DIY LED Bracelet Teaches Color Mixing #WearableWednesday
This cute felt cuff is another voyage into color by Lara Grant, the woman that brought us the stunning LED color matching brooch that you may have caught on our blog. This time she has decided to make an RGB LED the star in this educational Instructable. The design starts with conductive fabric that has been cut with a CNC machine to create a bird of four parts. If you don’t have a machine, you may be able to get a similar look with sharp fabric shears and a steady hand. Each of the pieces is ironed onto the felt fabric and then connected to the various legs of the LED with conductive thread.
The exciting part about this bracelet comes with the addition of velostat pads, which act like tiny switches. By pressing individual pads you can activate different legs of the RGB LED and affect the color outcomes. The clever bird design allows the color of the eye to change and also acts as a teacher for RGB color values; that’s what I call an awesome STEM success.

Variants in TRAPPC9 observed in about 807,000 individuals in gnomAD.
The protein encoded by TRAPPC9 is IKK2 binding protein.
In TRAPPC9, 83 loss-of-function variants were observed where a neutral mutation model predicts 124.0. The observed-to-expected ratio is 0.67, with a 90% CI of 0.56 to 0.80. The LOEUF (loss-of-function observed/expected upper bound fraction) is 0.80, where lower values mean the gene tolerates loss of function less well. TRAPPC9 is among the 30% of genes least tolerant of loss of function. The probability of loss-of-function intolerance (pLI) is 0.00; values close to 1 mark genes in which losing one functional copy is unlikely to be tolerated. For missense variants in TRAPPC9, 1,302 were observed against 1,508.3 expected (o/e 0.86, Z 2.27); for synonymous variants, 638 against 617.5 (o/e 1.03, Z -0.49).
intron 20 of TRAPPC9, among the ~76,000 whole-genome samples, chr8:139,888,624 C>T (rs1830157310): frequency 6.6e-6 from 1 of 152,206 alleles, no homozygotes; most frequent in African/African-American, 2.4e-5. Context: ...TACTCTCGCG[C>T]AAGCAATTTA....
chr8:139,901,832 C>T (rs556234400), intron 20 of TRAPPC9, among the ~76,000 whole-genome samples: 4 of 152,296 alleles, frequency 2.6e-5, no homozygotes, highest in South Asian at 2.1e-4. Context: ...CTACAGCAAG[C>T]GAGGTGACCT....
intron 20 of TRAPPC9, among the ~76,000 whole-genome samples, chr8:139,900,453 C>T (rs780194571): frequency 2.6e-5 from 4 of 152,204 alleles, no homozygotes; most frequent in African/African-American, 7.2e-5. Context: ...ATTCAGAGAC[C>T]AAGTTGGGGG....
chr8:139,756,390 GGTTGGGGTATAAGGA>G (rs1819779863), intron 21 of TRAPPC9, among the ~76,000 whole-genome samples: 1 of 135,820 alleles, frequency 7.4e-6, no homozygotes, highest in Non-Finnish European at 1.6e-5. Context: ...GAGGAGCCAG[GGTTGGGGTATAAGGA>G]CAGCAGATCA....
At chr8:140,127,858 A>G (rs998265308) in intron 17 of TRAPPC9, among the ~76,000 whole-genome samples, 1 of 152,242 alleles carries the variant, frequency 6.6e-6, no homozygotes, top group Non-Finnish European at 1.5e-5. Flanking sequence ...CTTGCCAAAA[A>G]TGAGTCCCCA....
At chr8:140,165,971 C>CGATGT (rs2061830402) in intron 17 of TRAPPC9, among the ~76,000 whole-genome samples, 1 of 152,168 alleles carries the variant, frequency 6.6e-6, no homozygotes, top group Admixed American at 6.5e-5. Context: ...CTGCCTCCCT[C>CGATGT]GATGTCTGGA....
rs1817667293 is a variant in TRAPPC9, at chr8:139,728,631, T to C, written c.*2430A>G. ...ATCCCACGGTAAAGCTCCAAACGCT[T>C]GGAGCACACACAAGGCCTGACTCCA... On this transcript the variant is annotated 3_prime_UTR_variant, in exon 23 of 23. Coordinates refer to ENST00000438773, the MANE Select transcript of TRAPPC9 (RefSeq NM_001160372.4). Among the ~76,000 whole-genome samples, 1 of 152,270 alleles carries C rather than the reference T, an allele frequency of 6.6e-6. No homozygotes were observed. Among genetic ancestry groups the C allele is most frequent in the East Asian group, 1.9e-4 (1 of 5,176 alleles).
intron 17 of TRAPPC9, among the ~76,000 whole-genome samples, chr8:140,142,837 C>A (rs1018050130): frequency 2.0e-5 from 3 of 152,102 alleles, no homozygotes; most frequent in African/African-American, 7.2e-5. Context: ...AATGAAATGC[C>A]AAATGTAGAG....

If you are interested in making your own color play cuff, check out our woven conductive fabric. Add some double-sided fusible interfacing, and you can easily iron this fabric onto your wearable. Just trim the interfacing a bit smaller than your pattern size so it will stay hidden. Have fun creating your own designs–especially when you want a little sheen. It will be a new fave in your soft circuit toolbox.
Stop breadboarding and soldering – start making immediately! Adafruit’s Circuit Playground is jam-packed with LEDs, sensors, buttons, alligator clip pads and more. Build projects with Circuit Playground in a few minutes with the drag-and-drop MakeCode programming site, learn computer science using the CS Discoveries class on code.org, jump into CircuitPython to learn Python and hardware together, or even use Arduino IDE. Circuit Playground Express is the newest and best Circuit Playground board, with support for MakeCode, CircuitPython, and Arduino. It has a powerful processor, 10 NeoPixels, mini speaker, InfraRed receive and transmit, two buttons, a switch, 14 alligator clip pads, and lots of sensors: capacitive touch, IR proximity, temperature, light, motion and sound. A whole wide world of electronics and coding is waiting for you, and it fits in the palm of your hand.